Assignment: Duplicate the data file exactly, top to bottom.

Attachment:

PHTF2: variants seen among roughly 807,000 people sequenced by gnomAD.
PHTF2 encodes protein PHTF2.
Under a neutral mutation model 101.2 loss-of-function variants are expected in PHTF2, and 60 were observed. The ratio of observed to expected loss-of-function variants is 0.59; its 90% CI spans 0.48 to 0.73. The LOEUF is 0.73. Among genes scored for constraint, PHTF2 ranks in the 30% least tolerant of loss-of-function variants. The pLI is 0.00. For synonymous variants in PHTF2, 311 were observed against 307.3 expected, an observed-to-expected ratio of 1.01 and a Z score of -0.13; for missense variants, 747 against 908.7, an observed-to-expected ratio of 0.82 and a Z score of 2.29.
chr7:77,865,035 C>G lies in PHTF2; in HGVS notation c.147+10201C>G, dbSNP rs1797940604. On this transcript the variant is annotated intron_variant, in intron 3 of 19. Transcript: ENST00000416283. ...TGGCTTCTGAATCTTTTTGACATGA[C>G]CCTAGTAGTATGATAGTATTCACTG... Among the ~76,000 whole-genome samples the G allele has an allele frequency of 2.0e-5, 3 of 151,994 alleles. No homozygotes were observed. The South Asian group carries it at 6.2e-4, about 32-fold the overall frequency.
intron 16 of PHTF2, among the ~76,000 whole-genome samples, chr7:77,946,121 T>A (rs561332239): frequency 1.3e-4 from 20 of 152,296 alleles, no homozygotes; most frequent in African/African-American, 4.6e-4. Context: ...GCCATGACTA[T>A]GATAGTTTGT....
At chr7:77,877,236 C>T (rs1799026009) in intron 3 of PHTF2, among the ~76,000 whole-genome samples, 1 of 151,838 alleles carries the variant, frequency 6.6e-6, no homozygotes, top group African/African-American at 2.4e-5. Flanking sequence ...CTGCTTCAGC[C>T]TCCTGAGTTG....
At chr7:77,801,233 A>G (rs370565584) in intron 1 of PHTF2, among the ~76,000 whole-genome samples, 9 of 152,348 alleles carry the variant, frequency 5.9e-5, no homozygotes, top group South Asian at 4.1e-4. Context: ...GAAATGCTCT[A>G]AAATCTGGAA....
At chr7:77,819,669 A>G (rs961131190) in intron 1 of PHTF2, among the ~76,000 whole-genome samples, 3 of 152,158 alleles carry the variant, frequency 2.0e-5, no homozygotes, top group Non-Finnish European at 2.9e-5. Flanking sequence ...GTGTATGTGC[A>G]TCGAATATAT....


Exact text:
PHTF2: variants seen among roughly 807,000 people sequenced by gnomAD.
PHTF2 encodes protein PHTF2.
Under a neutral mutation model 101.2 loss-of-function variants are expected in PHTF2, and 60 were observed. The ratio of observed to expected loss-of-function variants is 0.59; its 90% CI spans 0.48 to 0.73. The LOEUF is 0.73. Among genes scored for constraint, PHTF2 ranks in the 30% least tolerant of loss-of-function variants. The pLI is 0.00. For synonymous variants in PHTF2, 311 were observed against 307.3 expected, an observed-to-expected ratio of 1.01 and a Z score of -0.13; for missense variants, 747 against 908.7, an observed-to-expected ratio of 0.82 and a Z score of 2.29.
chr7:77,865,035 C>G lies in PHTF2; in HGVS notation c.147+10201C>G, dbSNP rs1797940604. On this transcript the variant is annotated intron_variant, in intron 3 of 19. Transcript: ENST00000416283. ...TGGCTTCTGAATCTTTTTGACATGA[C>G]CCTAGTAGTATGATAGTATTCACTG... Among the ~76,000 whole-genome samples the G allele has an allele frequency of 2.0e-5, 3 of 151,994 alleles. No homozygotes were observed. The South Asian group carries it at 6.2e-4, about 32-fold the overall frequency.
intron 16 of PHTF2, among the ~76,000 whole-genome samples, chr7:77,946,121 T>A (rs561332239): frequency 1.3e-4 from 20 of 152,296 alleles, no homozygotes; most frequent in African/African-American, 4.6e-4. Context: ...GCCATGACTA[T>A]GATAGTTTGT....
At chr7:77,877,236 C>T (rs1799026009) in intron 3 of PHTF2, among the ~76,000 whole-genome samples, 1 of 151,838 alleles carries the variant, frequency 6.6e-6, no homozygotes, top group African/African-American at 2.4e-5. Flanking sequence ...CTGCTTCAGC[C>T]TCCTGAGTTG....
At chr7:77,801,233 A>G (rs370565584) in intron 1 of PHTF2, among the ~76,000 whole-genome samples, 9 of 152,348 alleles carry the variant, frequency 5.9e-5, no homozygotes, top group South Asian at 4.1e-4. Context: ...GAAATGCTCT[A>G]AAATCTGGAA....
At chr7:77,819,669 A>G (rs961131190) in intron 1 of PHTF2, among the ~76,000 whole-genome samples, 3 of 152,158 alleles carry the variant, frequency 2.0e-5, no homozygotes, top group Non-Finnish European at 2.9e-5. Flanking sequence ...GTGTATGTGC[A>G]TCGAATATAT....